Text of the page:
PAX devices sent data to Chinese third parties, Treasury warns


(Bloomberg) – Point of sale devices manufactured by PAX Global Technology Ltd. were transmitting encrypted data to unknown third parties in China, the US Treasury Department said.

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Agency partners performed lab tests on PAX devices and found they would send transmissions “unnecessary to normal payment transaction processing,” according to letter obtained by Bloomberg News and sent to financial services companies of the Cyber ​​Security Office of the Treasury and Critical Infrastructure Protection. Transmissions took place more often and were larger than normal payment transactions, the agency said.

“The Treasury’s preliminary assessment is that the transmission of data through these devices indicates the possibility of risks to the privacy of customer data,” a spokesperson for the agency said in an emailed statement. “We don’t believe these devices pose unique risks to data integrity or service availability. “

A spokesperson for PAX Technology Inc., a unit of PAX Global, called the security concerns “unspecified rumors” and said the company had not been made aware of specific security issues with its systems, products. or services.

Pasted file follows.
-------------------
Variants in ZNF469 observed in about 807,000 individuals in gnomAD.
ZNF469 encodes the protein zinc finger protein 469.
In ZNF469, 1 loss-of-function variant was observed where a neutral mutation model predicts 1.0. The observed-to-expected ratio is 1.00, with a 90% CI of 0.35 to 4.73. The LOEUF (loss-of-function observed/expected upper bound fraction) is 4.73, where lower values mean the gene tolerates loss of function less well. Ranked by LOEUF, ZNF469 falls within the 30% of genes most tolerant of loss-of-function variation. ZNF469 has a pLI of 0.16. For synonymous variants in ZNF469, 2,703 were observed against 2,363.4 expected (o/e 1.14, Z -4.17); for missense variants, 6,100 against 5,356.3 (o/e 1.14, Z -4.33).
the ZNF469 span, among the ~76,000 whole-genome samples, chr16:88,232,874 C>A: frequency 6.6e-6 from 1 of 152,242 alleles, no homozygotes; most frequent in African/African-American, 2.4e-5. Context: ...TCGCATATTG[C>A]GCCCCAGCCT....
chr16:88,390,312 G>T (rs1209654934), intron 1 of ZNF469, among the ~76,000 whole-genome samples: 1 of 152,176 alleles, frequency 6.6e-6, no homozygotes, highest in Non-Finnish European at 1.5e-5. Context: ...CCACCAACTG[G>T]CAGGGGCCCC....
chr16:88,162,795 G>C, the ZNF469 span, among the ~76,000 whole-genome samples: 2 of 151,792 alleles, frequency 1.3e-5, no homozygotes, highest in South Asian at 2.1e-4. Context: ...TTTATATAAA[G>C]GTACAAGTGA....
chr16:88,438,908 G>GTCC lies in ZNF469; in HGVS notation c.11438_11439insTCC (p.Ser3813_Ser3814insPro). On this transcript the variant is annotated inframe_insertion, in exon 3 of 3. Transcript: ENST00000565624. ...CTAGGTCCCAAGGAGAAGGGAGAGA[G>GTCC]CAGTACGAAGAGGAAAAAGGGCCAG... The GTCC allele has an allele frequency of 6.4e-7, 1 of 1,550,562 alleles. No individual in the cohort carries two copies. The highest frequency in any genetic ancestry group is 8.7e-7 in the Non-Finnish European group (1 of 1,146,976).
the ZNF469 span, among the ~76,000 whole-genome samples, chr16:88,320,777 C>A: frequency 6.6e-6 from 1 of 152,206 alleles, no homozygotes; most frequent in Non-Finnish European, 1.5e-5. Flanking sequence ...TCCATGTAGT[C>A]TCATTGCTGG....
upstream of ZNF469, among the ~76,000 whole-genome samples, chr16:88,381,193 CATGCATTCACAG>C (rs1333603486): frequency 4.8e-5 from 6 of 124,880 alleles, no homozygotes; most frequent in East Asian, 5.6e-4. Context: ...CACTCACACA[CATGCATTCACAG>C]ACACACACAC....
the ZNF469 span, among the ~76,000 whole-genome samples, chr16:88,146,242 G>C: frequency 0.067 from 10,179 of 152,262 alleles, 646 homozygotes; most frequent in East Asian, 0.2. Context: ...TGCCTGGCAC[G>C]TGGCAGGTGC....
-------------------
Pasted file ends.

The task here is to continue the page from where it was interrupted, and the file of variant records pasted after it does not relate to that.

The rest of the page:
“Nonetheless, we continue to actively monitor our systems for possible threats, as we are committed to providing secure and quality systems and solutions,” said the spokesperson. “As an added level of assurance for our customers, we have further strengthened our team with leading security experts to help validate our security controls and infrastructure. “

PAX Global is headquartered in Hong Kong and its operational headquarters are in Shenzhen, China, according to its website. It manufactures terminals that process millions of transactions in stores around the world. According to the company, it has supplied 57 million terminals in more than 120 countries.

In this week’s letter, the Treasury said it was not aware of any attempt by PAX to use its devices for disruptive or destructive purposes. The agency said it does not believe PAX’s devices pose unique risks to network security, and that the loss of data from at-risk consumers poses “a low-severity threat to the US financial industry.”

“OCCIP encourages stakeholders in the US financial system to take a risk-based approach to protecting the privacy of their clients’ data, the integrity of their networks and the availability of their services,” the Treasury Department said. in the letter. “Banks and financial service providers should apply this risk-based approach to their supply chains. “

On October 26, the FBI and other federal agencies raided the PAX Technology offices in Florida. “The investigation remains active and ongoing and no further information can be confirmed at this time,” said Amanda Videll, spokeswoman for the FBI.

Prior to the FBI raid, financial technology firm FIS began replacing terminals manufactured by PAX “because it did not receive satisfactory responses from PAX regarding its point-of-sale terminals connecting to non-web sites. listed in the documentation provided, “according to a spokesperson. FIS found no evidence that the data was compromised, the spokesperson said.

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